President Joe Biden on Friday signed a stopgap bill that will keep the government funded for another week while lawmakers work on a final spending framework.
The continuing resolution, the second one for Fiscal Year 2023, keeps the government funded through Dec. 23. The first CR was set to expire tonight.
The Senate passed the measure on Thursday following the House’s passage on Wednesday.
Under a CR, the Defense Department cannot spend money on new programs and funding is restricted to the prior year’s levels.
Lawmakers earlier this week reached a deal for a larger FY 2023 spending package and are still working out the details.
“I am encouraged by the agreement we have reached on a framework that provides a path forward to enact an omnibus next week,” Rep. Rosa DeLauro (D-Conn.), the chair of the House Appropriations Committee, said in a statement following the House’s passage of the CR. “The House and Senate Appropriations Committees are working around the clock to negotiate the details of spending bills that will be supported by the House and Senate.”
Meanwhile, the Senate on Thursday also passed the Fiscal Year 2023 National Defense Authorization Act, which now will go to Biden for his signature.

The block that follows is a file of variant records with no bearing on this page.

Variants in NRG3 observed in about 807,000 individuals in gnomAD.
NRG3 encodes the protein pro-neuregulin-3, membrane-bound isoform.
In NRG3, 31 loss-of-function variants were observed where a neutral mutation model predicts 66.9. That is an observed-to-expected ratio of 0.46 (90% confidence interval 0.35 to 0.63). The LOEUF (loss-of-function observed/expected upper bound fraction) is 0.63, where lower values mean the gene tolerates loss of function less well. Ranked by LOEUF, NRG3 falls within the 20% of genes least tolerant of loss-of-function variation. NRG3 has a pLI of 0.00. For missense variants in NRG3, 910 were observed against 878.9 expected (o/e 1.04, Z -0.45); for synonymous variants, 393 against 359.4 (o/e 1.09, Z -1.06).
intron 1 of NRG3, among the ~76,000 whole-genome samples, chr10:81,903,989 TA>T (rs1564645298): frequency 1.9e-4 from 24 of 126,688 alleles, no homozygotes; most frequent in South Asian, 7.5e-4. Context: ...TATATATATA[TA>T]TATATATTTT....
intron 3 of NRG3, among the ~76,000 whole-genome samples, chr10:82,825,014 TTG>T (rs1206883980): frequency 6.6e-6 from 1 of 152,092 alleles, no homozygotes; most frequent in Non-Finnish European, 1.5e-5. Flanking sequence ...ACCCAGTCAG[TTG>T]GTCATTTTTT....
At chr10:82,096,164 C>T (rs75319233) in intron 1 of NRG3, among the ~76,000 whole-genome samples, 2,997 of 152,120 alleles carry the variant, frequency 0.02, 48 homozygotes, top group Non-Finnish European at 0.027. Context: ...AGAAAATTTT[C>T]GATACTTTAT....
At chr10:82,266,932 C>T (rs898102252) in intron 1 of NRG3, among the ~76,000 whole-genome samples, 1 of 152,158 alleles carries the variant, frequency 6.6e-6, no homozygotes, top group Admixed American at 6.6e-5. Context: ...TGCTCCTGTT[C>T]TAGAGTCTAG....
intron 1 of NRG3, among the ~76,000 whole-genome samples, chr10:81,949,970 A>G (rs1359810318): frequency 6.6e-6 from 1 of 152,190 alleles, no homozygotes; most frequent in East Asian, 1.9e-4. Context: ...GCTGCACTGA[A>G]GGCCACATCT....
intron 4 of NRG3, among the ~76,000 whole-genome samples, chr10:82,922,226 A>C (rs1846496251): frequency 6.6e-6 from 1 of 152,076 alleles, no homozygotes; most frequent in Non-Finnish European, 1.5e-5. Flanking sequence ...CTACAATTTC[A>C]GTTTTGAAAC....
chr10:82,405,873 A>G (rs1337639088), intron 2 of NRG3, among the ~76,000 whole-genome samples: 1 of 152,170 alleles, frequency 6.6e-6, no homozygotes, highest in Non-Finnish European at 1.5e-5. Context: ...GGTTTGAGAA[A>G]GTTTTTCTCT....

“This year’s NDAA includes targeted investments, needed reforms, and enhanced oversight. It addresses a broad range of pressing issues, from strategic competition with China and Russia, to disruptive technologies like hypersonics, AI, and quantum computing, to modernizing our ships, aircraft, and other equipment,” Sen. Jack Reed (D-R.I.), the chairman of the Senate Armed Services Committee, said in a statement on Thursday.
The defense policy bill authorizes the Navy to buy 11 battleforce ships – two Virginia-class submarines, three Flight III Arleigh Burke-class destroyers, one Constellation-class frigate, one San Antonio-class transport dock, two Expeditionary Fast Transport ships, one T-ATS 6 Navajo-class towing, salvage and rescue ship and one T-AO-205 John Lewis-class fleet oiler.